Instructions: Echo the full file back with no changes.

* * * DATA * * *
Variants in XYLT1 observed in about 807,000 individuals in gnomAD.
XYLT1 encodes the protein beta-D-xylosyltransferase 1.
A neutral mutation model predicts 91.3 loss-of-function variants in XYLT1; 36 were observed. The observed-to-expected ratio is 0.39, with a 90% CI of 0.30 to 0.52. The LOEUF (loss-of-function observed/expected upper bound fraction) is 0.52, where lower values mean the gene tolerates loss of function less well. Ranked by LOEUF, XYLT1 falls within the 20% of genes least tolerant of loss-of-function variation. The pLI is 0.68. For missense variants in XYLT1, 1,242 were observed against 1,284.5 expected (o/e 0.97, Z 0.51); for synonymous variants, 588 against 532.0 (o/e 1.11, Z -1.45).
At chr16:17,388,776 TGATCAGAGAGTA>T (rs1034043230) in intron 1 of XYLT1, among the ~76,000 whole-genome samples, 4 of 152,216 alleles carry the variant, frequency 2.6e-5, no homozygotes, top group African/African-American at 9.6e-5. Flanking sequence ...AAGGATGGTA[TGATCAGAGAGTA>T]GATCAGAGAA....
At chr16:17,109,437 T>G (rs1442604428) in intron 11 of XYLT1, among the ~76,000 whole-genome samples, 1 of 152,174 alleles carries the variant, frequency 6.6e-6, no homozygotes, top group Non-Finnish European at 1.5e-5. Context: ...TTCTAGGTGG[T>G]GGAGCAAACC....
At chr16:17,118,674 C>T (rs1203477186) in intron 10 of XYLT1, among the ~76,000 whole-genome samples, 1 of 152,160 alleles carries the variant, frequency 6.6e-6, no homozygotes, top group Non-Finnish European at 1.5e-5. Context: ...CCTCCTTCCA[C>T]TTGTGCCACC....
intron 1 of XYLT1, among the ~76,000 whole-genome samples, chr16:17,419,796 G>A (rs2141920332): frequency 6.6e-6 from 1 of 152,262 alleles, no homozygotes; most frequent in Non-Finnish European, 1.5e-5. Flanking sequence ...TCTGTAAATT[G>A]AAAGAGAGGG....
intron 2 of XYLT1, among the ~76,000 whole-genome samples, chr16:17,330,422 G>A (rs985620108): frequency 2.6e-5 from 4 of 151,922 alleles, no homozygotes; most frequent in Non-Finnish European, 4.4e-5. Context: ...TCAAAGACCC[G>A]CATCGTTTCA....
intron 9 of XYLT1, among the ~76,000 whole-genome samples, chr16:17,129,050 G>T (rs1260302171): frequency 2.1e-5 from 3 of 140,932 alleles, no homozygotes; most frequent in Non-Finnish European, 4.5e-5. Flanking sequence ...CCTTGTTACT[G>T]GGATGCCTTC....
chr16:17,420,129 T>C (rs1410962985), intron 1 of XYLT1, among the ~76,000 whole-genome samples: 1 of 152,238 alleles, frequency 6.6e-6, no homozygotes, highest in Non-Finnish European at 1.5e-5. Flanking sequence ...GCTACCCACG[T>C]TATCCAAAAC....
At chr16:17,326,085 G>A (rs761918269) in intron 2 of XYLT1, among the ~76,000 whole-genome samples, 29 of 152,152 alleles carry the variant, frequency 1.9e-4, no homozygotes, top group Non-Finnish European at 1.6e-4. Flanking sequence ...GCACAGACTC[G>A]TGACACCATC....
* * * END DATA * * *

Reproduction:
Variants in XYLT1 observed in about 807,000 individuals in gnomAD.
XYLT1 encodes the protein beta-D-xylosyltransferase 1.
A neutral mutation model predicts 91.3 loss-of-function variants in XYLT1; 36 were observed. The observed-to-expected ratio is 0.39, with a 90% CI of 0.30 to 0.52. The LOEUF (loss-of-function observed/expected upper bound fraction) is 0.52, where lower values mean the gene tolerates loss of function less well. Ranked by LOEUF, XYLT1 falls within the 20% of genes least tolerant of loss-of-function variation. The pLI is 0.68. For missense variants in XYLT1, 1,242 were observed against 1,284.5 expected (o/e 0.97, Z 0.51); for synonymous variants, 588 against 532.0 (o/e 1.11, Z -1.45).
At chr16:17,388,776 TGATCAGAGAGTA>T (rs1034043230) in intron 1 of XYLT1, among the ~76,000 whole-genome samples, 4 of 152,216 alleles carry the variant, frequency 2.6e-5, no homozygotes, top group African/African-American at 9.6e-5. Flanking sequence ...AAGGATGGTA[TGATCAGAGAGTA>T]GATCAGAGAA....
At chr16:17,109,437 T>G (rs1442604428) in intron 11 of XYLT1, among the ~76,000 whole-genome samples, 1 of 152,174 alleles carries the variant, frequency 6.6e-6, no homozygotes, top group Non-Finnish European at 1.5e-5. Context: ...TTCTAGGTGG[T>G]GGAGCAAACC....
At chr16:17,118,674 C>T (rs1203477186) in intron 10 of XYLT1, among the ~76,000 whole-genome samples, 1 of 152,160 alleles carries the variant, frequency 6.6e-6, no homozygotes, top group Non-Finnish European at 1.5e-5. Context: ...CCTCCTTCCA[C>T]TTGTGCCACC....
intron 1 of XYLT1, among the ~76,000 whole-genome samples, chr16:17,419,796 G>A (rs2141920332): frequency 6.6e-6 from 1 of 152,262 alleles, no homozygotes; most frequent in Non-Finnish European, 1.5e-5. Flanking sequence ...TCTGTAAATT[G>A]AAAGAGAGGG....
intron 2 of XYLT1, among the ~76,000 whole-genome samples, chr16:17,330,422 G>A (rs985620108): frequency 2.6e-5 from 4 of 151,922 alleles, no homozygotes; most frequent in Non-Finnish European, 4.4e-5. Context: ...TCAAAGACCC[G>A]CATCGTTTCA....
intron 9 of XYLT1, among the ~76,000 whole-genome samples, chr16:17,129,050 G>T (rs1260302171): frequency 2.1e-5 from 3 of 140,932 alleles, no homozygotes; most frequent in Non-Finnish European, 4.5e-5. Flanking sequence ...CCTTGTTACT[G>T]GGATGCCTTC....
chr16:17,420,129 T>C (rs1410962985), intron 1 of XYLT1, among the ~76,000 whole-genome samples: 1 of 152,238 alleles, frequency 6.6e-6, no homozygotes, highest in Non-Finnish European at 1.5e-5. Flanking sequence ...GCTACCCACG[T>C]TATCCAAAAC....
At chr16:17,326,085 G>A (rs761918269) in intron 2 of XYLT1, among the ~76,000 whole-genome samples, 29 of 152,152 alleles carry the variant, frequency 1.9e-4, no homozygotes, top group Non-Finnish European at 1.6e-4. Flanking sequence ...GCACAGACTC[G>A]TGACACCATC....